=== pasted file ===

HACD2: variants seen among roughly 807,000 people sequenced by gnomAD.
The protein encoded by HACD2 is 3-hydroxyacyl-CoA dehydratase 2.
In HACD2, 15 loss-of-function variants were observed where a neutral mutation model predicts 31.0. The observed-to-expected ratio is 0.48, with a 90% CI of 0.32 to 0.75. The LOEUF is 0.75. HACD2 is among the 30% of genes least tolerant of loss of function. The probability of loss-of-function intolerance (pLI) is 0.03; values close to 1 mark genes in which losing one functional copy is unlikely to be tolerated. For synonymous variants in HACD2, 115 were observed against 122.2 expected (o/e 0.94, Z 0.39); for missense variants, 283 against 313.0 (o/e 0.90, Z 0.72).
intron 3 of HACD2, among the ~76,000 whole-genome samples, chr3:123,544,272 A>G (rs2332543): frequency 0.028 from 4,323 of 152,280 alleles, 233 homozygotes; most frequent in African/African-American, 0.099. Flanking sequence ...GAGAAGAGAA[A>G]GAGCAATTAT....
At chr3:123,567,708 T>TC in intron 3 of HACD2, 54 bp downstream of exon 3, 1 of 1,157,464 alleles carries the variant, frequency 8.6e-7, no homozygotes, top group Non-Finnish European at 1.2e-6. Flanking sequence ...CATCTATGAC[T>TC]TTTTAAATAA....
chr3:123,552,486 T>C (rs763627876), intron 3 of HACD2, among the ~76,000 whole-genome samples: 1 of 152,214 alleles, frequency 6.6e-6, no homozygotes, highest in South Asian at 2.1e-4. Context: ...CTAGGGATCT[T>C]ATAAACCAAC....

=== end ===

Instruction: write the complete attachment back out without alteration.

HACD2: variants seen among roughly 807,000 people sequenced by gnomAD.
The protein encoded by HACD2 is 3-hydroxyacyl-CoA dehydratase 2.
In HACD2, 15 loss-of-function variants were observed where a neutral mutation model predicts 31.0. The observed-to-expected ratio is 0.48, with a 90% CI of 0.32 to 0.75. The LOEUF is 0.75. HACD2 is among the 30% of genes least tolerant of loss of function. The probability of loss-of-function intolerance (pLI) is 0.03; values close to 1 mark genes in which losing one functional copy is unlikely to be tolerated. For synonymous variants in HACD2, 115 were observed against 122.2 expected (o/e 0.94, Z 0.39); for missense variants, 283 against 313.0 (o/e 0.90, Z 0.72).
intron 3 of HACD2, among the ~76,000 whole-genome samples, chr3:123,544,272 A>G (rs2332543): frequency 0.028 from 4,323 of 152,280 alleles, 233 homozygotes; most frequent in African/African-American, 0.099. Flanking sequence ...GAGAAGAGAA[A>G]GAGCAATTAT....
At chr3:123,567,708 T>TC in intron 3 of HACD2, 54 bp downstream of exon 3, 1 of 1,157,464 alleles carries the variant, frequency 8.6e-7, no homozygotes, top group Non-Finnish European at 1.2e-6. Flanking sequence ...CATCTATGAC[T>TC]TTTTAAATAA....
chr3:123,552,486 T>C (rs763627876), intron 3 of HACD2, among the ~76,000 whole-genome samples: 1 of 152,214 alleles, frequency 6.6e-6, no homozygotes, highest in South Asian at 2.1e-4. Context: ...CTAGGGATCT[T>C]ATAAACCAAC....